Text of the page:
Via the excellent @BobDinan, here’s a depressing article – What I’m really thinking: the radio presenter. It takes some feat to contradict yourself so splendidly using only four paragraphs, but somehow this piece manages it.
“Listeners have told me they’re pregnant before they’ve told their boyfriends. They’ve just had nobody else to go to. This job has made me realise there are a lot of lonely people in the world. I know they think I’m their friend.”
Radio as friend. Got you. Makes sense. I mean, I’d quibble with how it’s phrased, and it seems to pity an audience of which the vast majority doesn’t need pitying – but whatever.
“This is the only job I’ve done and I’m amazed we still have an audience. With a smartphone you can listen to whatever song you want, whenever you want. You don’t have to tune in on the off chance I’ll play something you like. Within a generation I think there will be no such thing as a radio presenter. Which is why, when people ask me how to get into radio, I think – don’t.”
…hang on. You started the piece by pointing out how radio can connect with an audience – using the human voice, in a way that an iPod can’t. Have you completely forgotten what you’ve just written?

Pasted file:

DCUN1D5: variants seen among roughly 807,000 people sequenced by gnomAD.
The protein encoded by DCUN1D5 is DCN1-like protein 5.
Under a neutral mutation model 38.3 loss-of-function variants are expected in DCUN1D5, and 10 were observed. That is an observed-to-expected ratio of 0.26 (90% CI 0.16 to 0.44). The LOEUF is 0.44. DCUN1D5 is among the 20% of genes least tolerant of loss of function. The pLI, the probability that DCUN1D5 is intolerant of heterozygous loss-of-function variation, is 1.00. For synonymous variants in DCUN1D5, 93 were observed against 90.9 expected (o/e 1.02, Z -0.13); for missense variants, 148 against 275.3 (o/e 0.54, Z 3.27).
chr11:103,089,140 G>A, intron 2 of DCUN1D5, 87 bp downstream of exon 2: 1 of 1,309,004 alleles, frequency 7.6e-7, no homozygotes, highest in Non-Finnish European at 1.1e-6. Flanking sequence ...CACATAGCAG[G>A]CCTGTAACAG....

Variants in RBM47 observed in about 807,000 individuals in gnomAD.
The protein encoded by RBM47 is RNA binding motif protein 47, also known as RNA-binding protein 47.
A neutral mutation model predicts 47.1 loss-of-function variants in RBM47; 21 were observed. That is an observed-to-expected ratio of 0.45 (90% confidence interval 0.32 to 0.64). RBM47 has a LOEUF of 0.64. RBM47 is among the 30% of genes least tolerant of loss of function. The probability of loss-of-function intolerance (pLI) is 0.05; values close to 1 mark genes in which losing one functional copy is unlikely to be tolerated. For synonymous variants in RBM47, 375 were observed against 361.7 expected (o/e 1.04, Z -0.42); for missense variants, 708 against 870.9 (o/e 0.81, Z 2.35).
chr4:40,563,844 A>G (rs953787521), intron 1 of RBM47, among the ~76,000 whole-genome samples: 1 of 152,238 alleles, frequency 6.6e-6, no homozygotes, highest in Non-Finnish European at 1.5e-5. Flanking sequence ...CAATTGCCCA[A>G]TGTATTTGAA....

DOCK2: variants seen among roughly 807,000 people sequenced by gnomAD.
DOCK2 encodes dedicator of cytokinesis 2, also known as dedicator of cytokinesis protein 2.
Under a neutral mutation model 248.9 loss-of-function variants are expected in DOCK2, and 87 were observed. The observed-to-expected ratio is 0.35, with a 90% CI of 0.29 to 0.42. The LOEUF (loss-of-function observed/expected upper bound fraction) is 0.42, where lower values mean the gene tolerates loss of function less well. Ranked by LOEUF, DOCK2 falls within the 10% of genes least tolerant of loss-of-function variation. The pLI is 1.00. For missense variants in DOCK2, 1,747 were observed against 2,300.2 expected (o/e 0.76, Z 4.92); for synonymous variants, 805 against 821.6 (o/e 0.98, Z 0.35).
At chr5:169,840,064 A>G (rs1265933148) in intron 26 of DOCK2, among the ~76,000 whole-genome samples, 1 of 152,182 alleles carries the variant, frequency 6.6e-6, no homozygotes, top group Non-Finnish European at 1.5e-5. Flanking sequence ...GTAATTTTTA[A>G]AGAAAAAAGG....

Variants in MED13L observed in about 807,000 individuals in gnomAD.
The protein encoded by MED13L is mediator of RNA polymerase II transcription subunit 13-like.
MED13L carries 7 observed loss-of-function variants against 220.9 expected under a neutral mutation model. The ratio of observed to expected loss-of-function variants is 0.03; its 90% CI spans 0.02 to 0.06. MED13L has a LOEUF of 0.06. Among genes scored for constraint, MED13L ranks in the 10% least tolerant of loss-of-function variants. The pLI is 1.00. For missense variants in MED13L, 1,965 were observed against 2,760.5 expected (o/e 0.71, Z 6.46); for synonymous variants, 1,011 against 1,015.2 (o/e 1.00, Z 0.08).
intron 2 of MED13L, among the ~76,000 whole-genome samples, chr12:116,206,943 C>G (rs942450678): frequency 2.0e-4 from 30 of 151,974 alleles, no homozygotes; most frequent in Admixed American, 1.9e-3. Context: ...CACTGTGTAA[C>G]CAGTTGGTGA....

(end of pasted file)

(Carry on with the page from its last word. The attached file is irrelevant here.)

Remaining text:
It’s the classic mistake: radio is just about the music, man. Except… it isn’t. If radio was just about music, then yes, you may as well listen to your bloody phone. It’s about those damn presenters: informing, laughing, contextualising. It’s about being surprised by what might come out your radio next. It’s about creating something beautifully put together, each element flowing into another, in a way a random playlist just can’t do. Radio at its best is alive in a way an iPod can never hope to be. In short: it’s about all this stuff right here. And – however patronisingly – the article admits this in its very first paragraph!
The weird thing about the piece is that the actual issue is either skirted around, or has been unhelpfully edited out by an over-eager sub:
“It’s weird. I know I’m in their lives every day, but I don’t even entertain myself. I play the same songs and talk about the same things. I think I’d find a better friend than me. I suppose I must sound as if I care about Lady Gaga or the latest reality TV show, but I don’t. When Big Brother came back last year, I despaired. I’d run out of things to say about evictions and shopping budgets a long time ago.”
This is the key point. Why aren’t you talking about things that interest you? The heavy implication is that it’s management telling you what you have to talk about. Examine that point, and you might be getting somewhere interesting – and point the way towards actually realising radio’s potential.
As it is, all you’ve done is write a concise explanation as to why you’re not that great at your job.